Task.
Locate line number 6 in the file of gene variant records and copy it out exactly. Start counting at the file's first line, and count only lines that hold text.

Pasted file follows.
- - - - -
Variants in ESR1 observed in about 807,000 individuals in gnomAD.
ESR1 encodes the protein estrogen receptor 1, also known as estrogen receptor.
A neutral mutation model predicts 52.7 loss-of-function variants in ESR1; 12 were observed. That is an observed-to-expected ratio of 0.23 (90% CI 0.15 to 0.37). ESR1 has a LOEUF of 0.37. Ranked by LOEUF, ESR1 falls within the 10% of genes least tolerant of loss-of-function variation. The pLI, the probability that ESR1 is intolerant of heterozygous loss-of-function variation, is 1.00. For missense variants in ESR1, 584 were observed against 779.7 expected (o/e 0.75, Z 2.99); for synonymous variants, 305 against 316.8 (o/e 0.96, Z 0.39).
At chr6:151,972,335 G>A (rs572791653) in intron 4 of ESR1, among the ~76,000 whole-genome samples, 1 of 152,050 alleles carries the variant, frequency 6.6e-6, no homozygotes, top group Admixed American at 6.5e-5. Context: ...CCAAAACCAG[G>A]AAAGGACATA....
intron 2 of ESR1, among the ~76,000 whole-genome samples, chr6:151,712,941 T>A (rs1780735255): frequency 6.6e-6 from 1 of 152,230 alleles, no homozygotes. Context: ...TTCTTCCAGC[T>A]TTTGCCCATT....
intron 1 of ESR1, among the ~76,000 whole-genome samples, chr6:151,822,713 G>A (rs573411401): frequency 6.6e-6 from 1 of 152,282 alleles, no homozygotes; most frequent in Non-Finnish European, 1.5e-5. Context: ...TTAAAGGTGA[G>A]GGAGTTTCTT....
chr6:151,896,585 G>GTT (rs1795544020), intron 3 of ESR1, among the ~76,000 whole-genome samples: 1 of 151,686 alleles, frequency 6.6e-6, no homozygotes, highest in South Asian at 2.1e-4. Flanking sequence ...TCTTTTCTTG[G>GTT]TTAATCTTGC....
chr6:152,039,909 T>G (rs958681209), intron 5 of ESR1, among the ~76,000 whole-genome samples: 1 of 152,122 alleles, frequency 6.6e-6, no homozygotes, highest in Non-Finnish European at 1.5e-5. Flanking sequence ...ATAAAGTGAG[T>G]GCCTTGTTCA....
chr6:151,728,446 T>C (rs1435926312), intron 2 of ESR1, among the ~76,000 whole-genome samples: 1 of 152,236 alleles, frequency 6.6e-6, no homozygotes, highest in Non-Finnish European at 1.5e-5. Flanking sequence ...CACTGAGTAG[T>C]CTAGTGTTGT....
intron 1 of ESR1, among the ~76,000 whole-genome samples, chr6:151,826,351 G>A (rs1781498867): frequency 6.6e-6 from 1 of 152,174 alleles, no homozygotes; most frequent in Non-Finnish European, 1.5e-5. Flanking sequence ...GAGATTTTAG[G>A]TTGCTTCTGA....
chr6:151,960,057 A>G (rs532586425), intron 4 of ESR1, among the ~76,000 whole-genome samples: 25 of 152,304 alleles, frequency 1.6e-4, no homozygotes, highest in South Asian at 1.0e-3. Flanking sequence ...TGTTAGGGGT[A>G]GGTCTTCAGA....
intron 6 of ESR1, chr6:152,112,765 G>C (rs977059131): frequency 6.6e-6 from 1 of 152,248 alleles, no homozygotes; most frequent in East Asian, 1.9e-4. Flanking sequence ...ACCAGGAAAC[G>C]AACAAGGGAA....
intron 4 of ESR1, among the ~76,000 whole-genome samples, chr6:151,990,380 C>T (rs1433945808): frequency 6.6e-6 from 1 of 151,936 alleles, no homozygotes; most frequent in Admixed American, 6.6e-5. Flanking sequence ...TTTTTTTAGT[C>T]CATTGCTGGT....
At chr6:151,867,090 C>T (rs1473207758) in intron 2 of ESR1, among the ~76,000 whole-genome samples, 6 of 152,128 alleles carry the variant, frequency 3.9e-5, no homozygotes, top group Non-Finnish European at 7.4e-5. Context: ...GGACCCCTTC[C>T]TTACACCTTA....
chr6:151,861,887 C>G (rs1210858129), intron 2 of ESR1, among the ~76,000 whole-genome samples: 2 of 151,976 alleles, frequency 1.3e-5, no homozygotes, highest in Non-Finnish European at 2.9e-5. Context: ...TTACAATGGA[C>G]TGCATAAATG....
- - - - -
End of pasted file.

intron 1 of ESR1, among the ~76,000 whole-genome samples, chr6:151,822,713 G>A (rs573411401): frequency 6.6e-6 from 1 of 152,282 alleles, no homozygotes; most frequent in Non-Finnish European, 1.5e-5. Context: ...TTAAAGGTGA[G>A]GGAGTTTCTT....